But now here I am, almost through Mother's Day, and I have to say...it doesn't sting. Not the way it used to. I have proof of this: I've written post after post after post on surviving Mother's Day. I've shared all my self-care methods to preserve my sanity and treat myself tenderly on this day that is spattered all over and only applies to a select few.
It's a hard day for many -- those who've lost their mothers, those who've lost a child, those who've lost a pregnancy, those who ache to be mothers but aren't yet, those who have complicated relationships with their mothers, I imagine birthmothers (I don't personally know anyone who is, so I have to imagine), those who are waiting to adopt but aren't making headway, and those who aren't moms and will never be. That's a LOT of people for whom this holiday is at best conflicted and at worst a day to burrow in deep and hide from.
Going back and reading my Mother's Day survival/preparation/coping posts all the way back is fascinating to me. There's good advice in there, but also an evolution of what I felt at each stage of my shitty journey to living childfree not by choice:
- 2018: First Year Not In The Thick of Crisis, Second Year Knowing This Won't Ever Be My Holiday
- 2017: Still Deep In The Fire, Just Past Calling Off Adoption, The Mother's Day Post That Wasn't
- 2016: I Host Brunch And Feel Prematurely Smugly Okay With It, I Rant On About Cards, Potted Plants, and How Even Though I'm Waiting Through Adoption I Can't Celebrate For Me Yet
- 2015: Newly Waiting For Adoption, I Say No To Things, Bryce Accidentally (But Fortuitously) Books My Birthday Trip On Mother's Day Weekend
- 2014: Last Year of IVF (not sure I know this yet), Surviving Through Hermit-ing
- 2013: Year of Egg Donor IVF, I Am Frustrated With The Holiday And Wondering When This Hell Will End
- 2012: Hopeful Short-Lived-Ness Of Being Unable To Celebrate, Survival Tips, The Year I Miscarry in August
- 2011: My Very First Mother's Day Post, My Second Year of Enduring Infertile Mother's Day
After getting over the fact that I have NINE Mother's Day posts from NINE years of blogging (if you count this one now), I realized a theme:
- Have the courage to say no and take care of yourself if you are just not in a good place
- Make it a pajama day inside or a gardening day in the backyard to avoid the parade of strollers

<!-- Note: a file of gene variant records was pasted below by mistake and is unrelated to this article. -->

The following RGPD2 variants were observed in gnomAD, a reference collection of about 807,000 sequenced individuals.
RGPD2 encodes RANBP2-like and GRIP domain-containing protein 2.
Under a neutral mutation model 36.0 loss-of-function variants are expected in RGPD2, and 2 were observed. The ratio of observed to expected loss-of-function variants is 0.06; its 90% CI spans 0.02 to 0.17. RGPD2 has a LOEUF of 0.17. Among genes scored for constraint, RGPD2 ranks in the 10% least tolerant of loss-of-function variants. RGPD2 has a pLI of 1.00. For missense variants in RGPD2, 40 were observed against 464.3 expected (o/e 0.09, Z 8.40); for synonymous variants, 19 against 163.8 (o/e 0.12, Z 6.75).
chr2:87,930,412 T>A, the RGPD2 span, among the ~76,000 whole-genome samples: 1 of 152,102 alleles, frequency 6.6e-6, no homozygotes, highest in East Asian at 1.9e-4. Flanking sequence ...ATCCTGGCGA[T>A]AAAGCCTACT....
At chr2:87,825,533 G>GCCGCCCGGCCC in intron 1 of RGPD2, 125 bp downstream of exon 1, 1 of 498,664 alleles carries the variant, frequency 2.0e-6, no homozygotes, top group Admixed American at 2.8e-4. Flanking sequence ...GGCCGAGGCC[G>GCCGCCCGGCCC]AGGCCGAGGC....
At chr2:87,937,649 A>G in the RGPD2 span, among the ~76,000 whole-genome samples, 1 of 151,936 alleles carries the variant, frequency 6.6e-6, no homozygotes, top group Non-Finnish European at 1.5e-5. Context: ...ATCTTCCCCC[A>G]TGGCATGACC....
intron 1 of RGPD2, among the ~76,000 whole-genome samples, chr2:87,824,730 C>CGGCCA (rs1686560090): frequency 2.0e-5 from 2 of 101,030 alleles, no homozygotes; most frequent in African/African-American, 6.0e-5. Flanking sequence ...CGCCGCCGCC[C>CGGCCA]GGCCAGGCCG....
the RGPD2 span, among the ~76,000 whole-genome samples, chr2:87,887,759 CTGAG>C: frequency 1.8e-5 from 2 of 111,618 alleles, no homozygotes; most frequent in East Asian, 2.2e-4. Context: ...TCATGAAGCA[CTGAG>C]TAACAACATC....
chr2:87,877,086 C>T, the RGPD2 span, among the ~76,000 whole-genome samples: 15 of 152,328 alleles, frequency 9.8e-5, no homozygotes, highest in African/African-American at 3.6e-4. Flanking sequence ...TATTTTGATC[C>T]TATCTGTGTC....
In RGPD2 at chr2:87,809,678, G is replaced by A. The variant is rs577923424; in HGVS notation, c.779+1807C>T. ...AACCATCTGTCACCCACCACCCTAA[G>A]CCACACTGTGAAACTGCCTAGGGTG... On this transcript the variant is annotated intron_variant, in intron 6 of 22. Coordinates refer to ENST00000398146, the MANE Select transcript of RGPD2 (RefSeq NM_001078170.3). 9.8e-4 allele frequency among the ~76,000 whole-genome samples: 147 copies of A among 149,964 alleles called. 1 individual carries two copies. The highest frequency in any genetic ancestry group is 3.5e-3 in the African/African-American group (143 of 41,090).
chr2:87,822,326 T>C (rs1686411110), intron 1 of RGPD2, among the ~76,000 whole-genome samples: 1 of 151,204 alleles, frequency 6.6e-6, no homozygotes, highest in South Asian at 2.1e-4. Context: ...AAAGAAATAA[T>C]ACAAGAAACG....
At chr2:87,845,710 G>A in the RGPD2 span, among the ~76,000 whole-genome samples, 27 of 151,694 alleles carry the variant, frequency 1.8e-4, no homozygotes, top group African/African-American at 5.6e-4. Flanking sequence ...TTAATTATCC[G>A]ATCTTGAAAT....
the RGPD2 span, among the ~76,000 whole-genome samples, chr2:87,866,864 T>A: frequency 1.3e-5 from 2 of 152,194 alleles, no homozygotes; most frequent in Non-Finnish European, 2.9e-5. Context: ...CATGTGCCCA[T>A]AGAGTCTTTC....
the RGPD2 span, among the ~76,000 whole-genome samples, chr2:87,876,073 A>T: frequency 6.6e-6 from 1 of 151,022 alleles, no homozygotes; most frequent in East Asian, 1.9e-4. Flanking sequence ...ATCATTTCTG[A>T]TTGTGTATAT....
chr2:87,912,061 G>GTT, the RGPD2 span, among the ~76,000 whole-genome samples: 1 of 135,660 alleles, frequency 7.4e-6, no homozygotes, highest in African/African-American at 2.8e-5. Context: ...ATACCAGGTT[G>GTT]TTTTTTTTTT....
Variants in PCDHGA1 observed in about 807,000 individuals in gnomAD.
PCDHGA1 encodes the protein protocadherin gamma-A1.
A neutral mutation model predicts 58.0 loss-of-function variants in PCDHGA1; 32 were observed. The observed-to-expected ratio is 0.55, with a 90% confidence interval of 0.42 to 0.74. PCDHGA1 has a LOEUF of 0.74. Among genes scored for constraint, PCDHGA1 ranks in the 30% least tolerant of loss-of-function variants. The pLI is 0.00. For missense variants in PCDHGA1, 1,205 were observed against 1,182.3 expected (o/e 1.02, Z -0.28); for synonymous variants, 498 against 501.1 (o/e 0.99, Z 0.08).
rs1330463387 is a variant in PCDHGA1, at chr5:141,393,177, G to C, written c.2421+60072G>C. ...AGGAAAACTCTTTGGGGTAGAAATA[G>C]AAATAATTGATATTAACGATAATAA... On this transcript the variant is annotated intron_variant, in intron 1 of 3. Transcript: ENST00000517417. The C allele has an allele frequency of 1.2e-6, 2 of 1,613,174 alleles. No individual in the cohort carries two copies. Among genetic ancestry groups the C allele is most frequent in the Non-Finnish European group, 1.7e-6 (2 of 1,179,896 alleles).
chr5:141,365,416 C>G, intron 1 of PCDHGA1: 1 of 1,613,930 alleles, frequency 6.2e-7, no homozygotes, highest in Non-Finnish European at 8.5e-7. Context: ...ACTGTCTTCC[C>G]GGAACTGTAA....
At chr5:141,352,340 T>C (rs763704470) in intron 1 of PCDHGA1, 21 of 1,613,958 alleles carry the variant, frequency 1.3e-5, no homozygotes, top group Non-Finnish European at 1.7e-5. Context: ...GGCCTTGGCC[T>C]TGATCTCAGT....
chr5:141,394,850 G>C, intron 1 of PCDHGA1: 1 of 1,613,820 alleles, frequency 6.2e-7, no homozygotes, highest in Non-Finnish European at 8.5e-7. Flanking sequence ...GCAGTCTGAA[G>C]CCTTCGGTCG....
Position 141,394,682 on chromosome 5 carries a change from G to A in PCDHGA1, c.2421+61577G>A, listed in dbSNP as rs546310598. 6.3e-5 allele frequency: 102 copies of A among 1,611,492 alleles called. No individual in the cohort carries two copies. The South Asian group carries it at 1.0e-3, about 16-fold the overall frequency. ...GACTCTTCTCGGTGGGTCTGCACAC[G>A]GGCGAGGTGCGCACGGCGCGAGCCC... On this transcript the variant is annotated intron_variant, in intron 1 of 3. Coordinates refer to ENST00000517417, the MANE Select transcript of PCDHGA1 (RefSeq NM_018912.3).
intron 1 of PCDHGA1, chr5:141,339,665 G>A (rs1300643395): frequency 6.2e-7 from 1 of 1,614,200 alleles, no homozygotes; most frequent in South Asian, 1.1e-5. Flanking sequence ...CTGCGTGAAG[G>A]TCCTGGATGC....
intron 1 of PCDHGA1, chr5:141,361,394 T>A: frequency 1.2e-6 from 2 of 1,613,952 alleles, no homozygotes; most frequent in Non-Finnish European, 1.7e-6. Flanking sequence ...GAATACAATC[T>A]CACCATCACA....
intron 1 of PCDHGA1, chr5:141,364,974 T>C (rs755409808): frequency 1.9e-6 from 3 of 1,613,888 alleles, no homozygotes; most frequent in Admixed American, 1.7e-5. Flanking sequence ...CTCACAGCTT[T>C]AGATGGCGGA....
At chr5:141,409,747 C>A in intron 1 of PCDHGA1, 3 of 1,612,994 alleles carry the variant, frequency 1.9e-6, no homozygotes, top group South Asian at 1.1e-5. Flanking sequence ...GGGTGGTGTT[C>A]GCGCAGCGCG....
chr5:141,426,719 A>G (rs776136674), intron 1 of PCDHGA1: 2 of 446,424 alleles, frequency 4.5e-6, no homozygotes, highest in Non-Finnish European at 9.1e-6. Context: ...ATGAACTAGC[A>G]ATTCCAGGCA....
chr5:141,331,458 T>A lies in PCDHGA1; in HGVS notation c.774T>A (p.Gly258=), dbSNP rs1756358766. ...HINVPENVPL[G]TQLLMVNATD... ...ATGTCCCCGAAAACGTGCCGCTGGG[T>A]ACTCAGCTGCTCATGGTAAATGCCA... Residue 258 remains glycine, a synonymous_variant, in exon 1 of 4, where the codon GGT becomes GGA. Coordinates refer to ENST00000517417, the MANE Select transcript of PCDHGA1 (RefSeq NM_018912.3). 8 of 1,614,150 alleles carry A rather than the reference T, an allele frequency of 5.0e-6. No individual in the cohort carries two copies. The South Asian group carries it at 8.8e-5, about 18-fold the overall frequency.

- Stay off anything with ads -- Cable TV/Services with ads, radio
- Stay the EFF off social media for at least two days -- you think you're safe on Monday but you are NOT, it's not truly safe until Tuesday or even Wednesday (you can go directly to your mom/mother-in-law's pages to wish them a Happy Mother's Day, and then for the love of all that's holy, resist the urge to self-torture by looking at your feed AT ALL.
- Do what nourishes you.
I saw all the hope that one day this holiday would be mine to celebrate. I saw that hope waver. I saw that hope turn to a sort of bitterness/rage-filled/grief-fueled disbelief that still, STILL the holiday wasn't mine.
And then... acceptance. Glorious, end-of-limbo acceptance that I can still be tender with myself on this day, but that it doesn't hurt quite as much as when I still thought it was possible to "join the club." I can honor my mom and my mother-in-law and my grandmother (for I am fortunate to still have one of those on my father's side), and then make it a Sunday like any other, but maybe with more pajama time and reading and the customary Not-Mom Champagne.
I loved Mali's post this year on Mother's Day: "That Day" Again. It has so many wonderful messages, my favorite of which is:
"It has power if we give it power...as time passes, it is easier to stand up straight and say, 'nope, I'm not giving this day power over me.' It is easier to dismiss it as irrelevant to our lives. The guilt for not caring goes too. And you know what rushes in? A sense of relief, and freedom."
I would have never believed two years ago that so soon after the end of the dream of what we thought our life would be and the transition into the reality of our life as is, that I'd be sitting here on Mother's Day, grateful to have moms in my life to celebrate and so, so grateful for the life that I live. I don't need this holiday. (It does help that I have seen ZERO ads and avoid shopping locations around this time, and I studiously avoided all the New Mom cards when picking out for family.) It's okay that it's not for me. And I was reminded of that by several incredibly caring friends who called or texted to tell me they were thinking of me today, and that I am a good and giving person even though I don't have children, and this is a Hallmark Holiday, anyway. And most of them were moms, so it wasn't a mom-bashing thing. I felt seen, and loved, and I could honestly say I am good today. I can celebrate this beautiful house free of fertility ghosts, and all of the wonderful life we will live here, together, and all the love I have to give people that is separate from being a mom.
I give this day no power over me.
I hope hearing this from multiple people at different points post-family-building helps anyone battered and vulnerable to the throes of this holiday's power gives you hope -- you may wonder if this holiday will ever be yours. But it's also good to know that even if it never results in cards or potted plants or brunches in YOUR honor, it can be good, too. No matter what happens, there can be an outcome that isn't terrible and sad. It can be the start of a beautiful new life, defined differently.